Ben Harper at Ellie Caulkins Opera House, 11-08-13 (photos, review)By Kristopher Coe | November 11th, 2013 | 2 comments
Ben Harper isn’t your typical hot-blooded rock icon. He isn’t the hotel-thrashing, drug-binging, megalomaniac type that demands adoration. Harper is instead a rare blend of old-fashioned class and artistic brio. He wears humility like a tattoo and downplays success like it’s just dumb luck.
At the front end of his solo acoustic tour at the exquisite Ellie Caulkins Opera House, Harper sidestepped the spotlight to let his fans feel the love. Playing an assortment of trademark gems and offbeat covers, Harper unwrapped his retrospective set in a way that showcased his virtuosic poise. Jumping from 12-string guitar to weissenborn to ukelele (and even piano) during the setlist, Harper set the tone with “Welcome To The Cruel World” off his 1994 debut. The dreamy slide guitar interwoven with Harper’s fire-roasted vocals sounded like the pearly gates of blues heaven opening. “Diamonds On The Inside” and “Forever” radiated under the acoustic wonder of the venue as if they were written strictly for Ellie herself.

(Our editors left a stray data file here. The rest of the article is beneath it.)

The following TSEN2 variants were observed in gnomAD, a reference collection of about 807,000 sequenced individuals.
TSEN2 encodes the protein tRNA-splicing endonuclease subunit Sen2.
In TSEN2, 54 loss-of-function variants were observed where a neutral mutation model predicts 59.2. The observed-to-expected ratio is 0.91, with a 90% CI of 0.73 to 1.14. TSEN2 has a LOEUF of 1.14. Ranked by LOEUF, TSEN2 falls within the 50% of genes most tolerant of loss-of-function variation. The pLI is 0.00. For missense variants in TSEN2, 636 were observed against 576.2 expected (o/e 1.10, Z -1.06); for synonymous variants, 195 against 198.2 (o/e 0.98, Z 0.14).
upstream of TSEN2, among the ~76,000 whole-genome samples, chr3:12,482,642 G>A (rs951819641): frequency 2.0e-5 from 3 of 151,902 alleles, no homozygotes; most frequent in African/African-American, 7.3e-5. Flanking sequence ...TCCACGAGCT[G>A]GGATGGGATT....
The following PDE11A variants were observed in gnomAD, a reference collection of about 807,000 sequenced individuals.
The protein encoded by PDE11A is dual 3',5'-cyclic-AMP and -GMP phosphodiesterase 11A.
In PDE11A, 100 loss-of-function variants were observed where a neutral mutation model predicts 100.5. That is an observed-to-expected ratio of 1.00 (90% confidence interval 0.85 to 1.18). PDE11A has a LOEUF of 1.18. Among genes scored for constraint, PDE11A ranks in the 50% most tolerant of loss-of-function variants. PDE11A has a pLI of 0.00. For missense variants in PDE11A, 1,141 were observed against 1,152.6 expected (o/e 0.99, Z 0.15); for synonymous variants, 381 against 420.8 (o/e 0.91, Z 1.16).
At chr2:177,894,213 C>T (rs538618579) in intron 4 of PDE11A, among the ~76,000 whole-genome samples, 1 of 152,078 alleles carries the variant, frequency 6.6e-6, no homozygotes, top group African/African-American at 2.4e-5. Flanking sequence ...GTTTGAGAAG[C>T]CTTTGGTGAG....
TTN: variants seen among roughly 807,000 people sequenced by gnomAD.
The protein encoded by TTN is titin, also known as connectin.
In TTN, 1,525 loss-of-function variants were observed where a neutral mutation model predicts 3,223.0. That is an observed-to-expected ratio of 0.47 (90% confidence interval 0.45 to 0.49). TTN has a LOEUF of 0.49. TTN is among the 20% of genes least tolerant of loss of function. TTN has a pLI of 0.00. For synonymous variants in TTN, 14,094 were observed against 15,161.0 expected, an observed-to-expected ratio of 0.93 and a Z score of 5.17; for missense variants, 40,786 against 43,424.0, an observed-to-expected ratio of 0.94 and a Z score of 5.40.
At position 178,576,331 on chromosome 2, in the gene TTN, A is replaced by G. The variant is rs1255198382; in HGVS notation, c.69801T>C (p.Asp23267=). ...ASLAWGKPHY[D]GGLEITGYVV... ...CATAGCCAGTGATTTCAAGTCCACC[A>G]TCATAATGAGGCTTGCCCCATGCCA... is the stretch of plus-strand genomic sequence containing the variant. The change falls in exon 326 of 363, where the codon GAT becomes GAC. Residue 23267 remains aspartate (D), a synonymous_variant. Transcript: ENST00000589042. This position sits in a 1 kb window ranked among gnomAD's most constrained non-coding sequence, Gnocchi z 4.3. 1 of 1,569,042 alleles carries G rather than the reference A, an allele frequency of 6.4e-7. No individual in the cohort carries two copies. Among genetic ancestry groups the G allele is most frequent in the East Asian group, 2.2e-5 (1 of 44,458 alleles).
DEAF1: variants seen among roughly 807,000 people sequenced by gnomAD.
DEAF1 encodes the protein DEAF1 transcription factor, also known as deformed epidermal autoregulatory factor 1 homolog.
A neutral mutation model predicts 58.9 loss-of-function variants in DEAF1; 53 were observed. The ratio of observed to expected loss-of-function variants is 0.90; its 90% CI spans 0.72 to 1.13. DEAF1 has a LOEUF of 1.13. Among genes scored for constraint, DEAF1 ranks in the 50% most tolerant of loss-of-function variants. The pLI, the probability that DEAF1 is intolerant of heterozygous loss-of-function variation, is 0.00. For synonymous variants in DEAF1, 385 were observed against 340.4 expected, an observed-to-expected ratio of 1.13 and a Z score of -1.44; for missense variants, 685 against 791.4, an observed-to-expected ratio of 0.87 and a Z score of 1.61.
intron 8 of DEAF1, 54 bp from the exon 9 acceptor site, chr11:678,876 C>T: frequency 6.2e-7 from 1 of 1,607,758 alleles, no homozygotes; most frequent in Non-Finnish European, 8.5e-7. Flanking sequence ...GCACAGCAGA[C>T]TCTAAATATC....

Harper then switched gears and reworked dazzling piano covers of Mazzy Star’s “Fade Into You” and Rihanna’s “Stay” — a tribute to two playing in Denver that same weekend. Both songs were unlikely gifts — even though most of the rowdy crowd just wanted Harper to stick to the goods of his own treasured catalog. “Burn One Down” (which might just be Denver’s unofficial adopted reefer theme song) carried that momentum to an even higher plain as the audience belted out the chorus word-for-word.
During the first part of a double-encore, Harper’s natural ability proved limitless. “Trying Not To Fall In Love With You” brought the crowd to their feet as Harper uncorked an emotive fury and showmanship on the keys that would have made Ray Charles proud. “She’s Only Happy In The Sun” and “Born To Love You” were tender goldmines that underscored his songwriting magic and the interplay of Harper’s vocal range.
For the second encore, the stakes elevated with hymnal renditions of “Walk Away,” “Waiting On An Angel” and the transcendent “Amen Omen.” The latter of which captured the Claremont, Calif.-native in his most natural self: Blessed.
Kris K. Coe is a freelance writer, Denver-native and regular contributor to Reverb.
Lisa Higginbotham is a Denver photographer and a regular contributor to Reverb.